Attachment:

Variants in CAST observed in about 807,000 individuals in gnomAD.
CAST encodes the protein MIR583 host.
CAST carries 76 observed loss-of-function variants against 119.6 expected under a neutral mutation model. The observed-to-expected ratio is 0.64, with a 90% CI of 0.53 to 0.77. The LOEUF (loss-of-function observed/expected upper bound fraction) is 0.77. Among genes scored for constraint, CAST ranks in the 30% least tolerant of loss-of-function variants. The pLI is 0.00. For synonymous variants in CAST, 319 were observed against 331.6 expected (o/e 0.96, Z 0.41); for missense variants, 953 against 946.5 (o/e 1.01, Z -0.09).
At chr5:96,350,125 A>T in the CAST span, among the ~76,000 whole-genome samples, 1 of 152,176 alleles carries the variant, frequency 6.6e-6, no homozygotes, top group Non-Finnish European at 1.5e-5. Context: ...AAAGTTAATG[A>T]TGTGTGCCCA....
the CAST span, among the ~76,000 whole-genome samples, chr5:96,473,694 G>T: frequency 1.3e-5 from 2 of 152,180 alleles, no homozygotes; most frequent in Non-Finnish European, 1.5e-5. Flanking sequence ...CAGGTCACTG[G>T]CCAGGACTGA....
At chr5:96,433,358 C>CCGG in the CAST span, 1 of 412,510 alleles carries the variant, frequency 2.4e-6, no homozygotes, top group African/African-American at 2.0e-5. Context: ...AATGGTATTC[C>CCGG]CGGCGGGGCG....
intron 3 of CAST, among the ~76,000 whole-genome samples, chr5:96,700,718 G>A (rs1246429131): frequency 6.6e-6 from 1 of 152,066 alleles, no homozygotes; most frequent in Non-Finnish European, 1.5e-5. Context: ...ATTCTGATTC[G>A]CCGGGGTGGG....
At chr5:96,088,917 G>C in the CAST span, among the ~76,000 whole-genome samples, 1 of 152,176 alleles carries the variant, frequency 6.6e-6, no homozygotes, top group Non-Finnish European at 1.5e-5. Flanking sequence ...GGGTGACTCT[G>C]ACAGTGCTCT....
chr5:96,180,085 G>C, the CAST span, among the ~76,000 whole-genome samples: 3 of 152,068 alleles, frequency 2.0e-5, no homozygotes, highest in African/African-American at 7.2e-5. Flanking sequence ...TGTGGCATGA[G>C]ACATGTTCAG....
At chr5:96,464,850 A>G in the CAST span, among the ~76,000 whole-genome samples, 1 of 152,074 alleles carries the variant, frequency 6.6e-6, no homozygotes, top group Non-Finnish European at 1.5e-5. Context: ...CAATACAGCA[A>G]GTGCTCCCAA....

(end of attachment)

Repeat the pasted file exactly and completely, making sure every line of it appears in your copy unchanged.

Variants in CAST observed in about 807,000 individuals in gnomAD.
CAST encodes the protein MIR583 host.
CAST carries 76 observed loss-of-function variants against 119.6 expected under a neutral mutation model. The observed-to-expected ratio is 0.64, with a 90% CI of 0.53 to 0.77. The LOEUF (loss-of-function observed/expected upper bound fraction) is 0.77. Among genes scored for constraint, CAST ranks in the 30% least tolerant of loss-of-function variants. The pLI is 0.00. For synonymous variants in CAST, 319 were observed against 331.6 expected (o/e 0.96, Z 0.41); for missense variants, 953 against 946.5 (o/e 1.01, Z -0.09).
At chr5:96,350,125 A>T in the CAST span, among the ~76,000 whole-genome samples, 1 of 152,176 alleles carries the variant, frequency 6.6e-6, no homozygotes, top group Non-Finnish European at 1.5e-5. Context: ...AAAGTTAATG[A>T]TGTGTGCCCA....
the CAST span, among the ~76,000 whole-genome samples, chr5:96,473,694 G>T: frequency 1.3e-5 from 2 of 152,180 alleles, no homozygotes; most frequent in Non-Finnish European, 1.5e-5. Flanking sequence ...CAGGTCACTG[G>T]CCAGGACTGA....
At chr5:96,433,358 C>CCGG in the CAST span, 1 of 412,510 alleles carries the variant, frequency 2.4e-6, no homozygotes, top group African/African-American at 2.0e-5. Context: ...AATGGTATTC[C>CCGG]CGGCGGGGCG....
intron 3 of CAST, among the ~76,000 whole-genome samples, chr5:96,700,718 G>A (rs1246429131): frequency 6.6e-6 from 1 of 152,066 alleles, no homozygotes; most frequent in Non-Finnish European, 1.5e-5. Context: ...ATTCTGATTC[G>A]CCGGGGTGGG....
At chr5:96,088,917 G>C in the CAST span, among the ~76,000 whole-genome samples, 1 of 152,176 alleles carries the variant, frequency 6.6e-6, no homozygotes, top group Non-Finnish European at 1.5e-5. Flanking sequence ...GGGTGACTCT[G>C]ACAGTGCTCT....
chr5:96,180,085 G>C, the CAST span, among the ~76,000 whole-genome samples: 3 of 152,068 alleles, frequency 2.0e-5, no homozygotes, highest in African/African-American at 7.2e-5. Flanking sequence ...TGTGGCATGA[G>C]ACATGTTCAG....
At chr5:96,464,850 A>G in the CAST span, among the ~76,000 whole-genome samples, 1 of 152,074 alleles carries the variant, frequency 6.6e-6, no homozygotes, top group Non-Finnish European at 1.5e-5. Context: ...CAATACAGCA[A>G]GTGCTCCCAA....